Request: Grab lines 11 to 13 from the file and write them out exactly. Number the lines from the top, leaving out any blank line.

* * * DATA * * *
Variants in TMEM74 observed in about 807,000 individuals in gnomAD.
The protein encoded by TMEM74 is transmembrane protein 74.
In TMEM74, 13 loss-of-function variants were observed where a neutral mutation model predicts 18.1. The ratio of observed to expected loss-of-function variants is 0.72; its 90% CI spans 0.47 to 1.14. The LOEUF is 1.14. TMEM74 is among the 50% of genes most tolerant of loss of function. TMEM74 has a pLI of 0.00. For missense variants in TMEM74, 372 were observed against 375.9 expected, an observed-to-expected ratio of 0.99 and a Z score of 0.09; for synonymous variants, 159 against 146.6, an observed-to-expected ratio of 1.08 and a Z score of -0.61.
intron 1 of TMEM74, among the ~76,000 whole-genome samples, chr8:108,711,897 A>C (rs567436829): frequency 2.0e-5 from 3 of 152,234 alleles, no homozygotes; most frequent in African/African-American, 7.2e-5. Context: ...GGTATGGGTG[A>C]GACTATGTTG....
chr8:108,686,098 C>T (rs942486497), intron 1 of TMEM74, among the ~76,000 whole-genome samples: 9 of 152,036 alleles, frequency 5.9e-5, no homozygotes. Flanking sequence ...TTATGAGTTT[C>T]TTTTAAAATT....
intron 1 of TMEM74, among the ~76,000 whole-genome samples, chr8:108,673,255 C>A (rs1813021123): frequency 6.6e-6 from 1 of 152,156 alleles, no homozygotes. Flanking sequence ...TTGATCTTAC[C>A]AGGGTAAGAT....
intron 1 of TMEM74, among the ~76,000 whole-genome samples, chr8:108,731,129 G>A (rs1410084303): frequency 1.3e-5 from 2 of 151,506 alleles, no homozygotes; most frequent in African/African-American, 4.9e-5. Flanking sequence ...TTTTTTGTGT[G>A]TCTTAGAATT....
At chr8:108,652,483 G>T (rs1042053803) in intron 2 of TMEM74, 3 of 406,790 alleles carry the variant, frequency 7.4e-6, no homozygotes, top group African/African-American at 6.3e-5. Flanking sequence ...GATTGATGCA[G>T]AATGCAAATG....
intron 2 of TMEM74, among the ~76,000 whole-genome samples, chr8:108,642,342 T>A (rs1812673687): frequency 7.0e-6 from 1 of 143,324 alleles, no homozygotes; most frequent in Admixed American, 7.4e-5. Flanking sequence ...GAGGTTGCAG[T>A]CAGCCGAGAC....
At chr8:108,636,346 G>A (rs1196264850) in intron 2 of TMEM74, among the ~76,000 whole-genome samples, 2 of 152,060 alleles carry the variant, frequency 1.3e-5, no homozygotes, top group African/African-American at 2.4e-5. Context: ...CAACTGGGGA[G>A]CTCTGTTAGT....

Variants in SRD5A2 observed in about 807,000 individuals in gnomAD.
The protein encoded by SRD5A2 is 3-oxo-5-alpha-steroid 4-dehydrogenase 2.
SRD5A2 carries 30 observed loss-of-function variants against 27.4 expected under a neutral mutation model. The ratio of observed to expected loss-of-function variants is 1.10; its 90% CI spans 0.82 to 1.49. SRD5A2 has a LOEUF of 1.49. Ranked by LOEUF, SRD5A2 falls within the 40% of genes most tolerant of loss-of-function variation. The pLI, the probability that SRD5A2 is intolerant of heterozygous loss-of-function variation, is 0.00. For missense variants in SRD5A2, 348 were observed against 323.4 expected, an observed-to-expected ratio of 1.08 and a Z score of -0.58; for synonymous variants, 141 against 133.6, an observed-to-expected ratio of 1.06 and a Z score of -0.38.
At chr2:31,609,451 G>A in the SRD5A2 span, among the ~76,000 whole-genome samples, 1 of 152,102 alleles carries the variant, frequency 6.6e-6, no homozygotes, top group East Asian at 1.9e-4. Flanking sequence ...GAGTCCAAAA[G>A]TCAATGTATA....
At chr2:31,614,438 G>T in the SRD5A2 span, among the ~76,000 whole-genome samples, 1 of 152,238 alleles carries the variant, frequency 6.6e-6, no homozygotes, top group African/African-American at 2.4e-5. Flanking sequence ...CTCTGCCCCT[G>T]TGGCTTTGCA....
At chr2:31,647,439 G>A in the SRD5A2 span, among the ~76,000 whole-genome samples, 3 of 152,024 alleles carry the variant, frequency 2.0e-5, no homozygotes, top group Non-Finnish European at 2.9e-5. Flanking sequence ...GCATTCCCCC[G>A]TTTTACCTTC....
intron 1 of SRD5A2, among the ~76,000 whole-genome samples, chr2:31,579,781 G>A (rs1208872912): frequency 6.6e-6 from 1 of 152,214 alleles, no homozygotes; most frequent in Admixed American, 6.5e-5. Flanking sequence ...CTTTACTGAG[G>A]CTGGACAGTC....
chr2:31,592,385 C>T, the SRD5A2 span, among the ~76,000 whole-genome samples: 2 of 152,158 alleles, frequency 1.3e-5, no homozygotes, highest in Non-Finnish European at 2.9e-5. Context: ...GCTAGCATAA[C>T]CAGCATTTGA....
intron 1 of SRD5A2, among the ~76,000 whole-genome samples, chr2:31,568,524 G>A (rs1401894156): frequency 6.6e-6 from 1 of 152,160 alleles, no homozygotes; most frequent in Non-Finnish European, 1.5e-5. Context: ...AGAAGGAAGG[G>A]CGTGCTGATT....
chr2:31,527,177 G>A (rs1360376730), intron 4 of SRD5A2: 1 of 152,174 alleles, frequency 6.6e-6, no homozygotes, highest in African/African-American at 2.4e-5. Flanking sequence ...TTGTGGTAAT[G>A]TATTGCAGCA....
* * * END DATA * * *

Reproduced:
Variants in SRD5A2 observed in about 807,000 individuals in gnomAD.
The protein encoded by SRD5A2 is 3-oxo-5-alpha-steroid 4-dehydrogenase 2.
SRD5A2 carries 30 observed loss-of-function variants against 27.4 expected under a neutral mutation model. The ratio of observed to expected loss-of-function variants is 1.10; its 90% CI spans 0.82 to 1.49. SRD5A2 has a LOEUF of 1.49. Ranked by LOEUF, SRD5A2 falls within the 40% of genes most tolerant of loss-of-function variation. The pLI, the probability that SRD5A2 is intolerant of heterozygous loss-of-function variation, is 0.00. For missense variants in SRD5A2, 348 were observed against 323.4 expected, an observed-to-expected ratio of 1.08 and a Z score of -0.58; for synonymous variants, 141 against 133.6, an observed-to-expected ratio of 1.06 and a Z score of -0.38.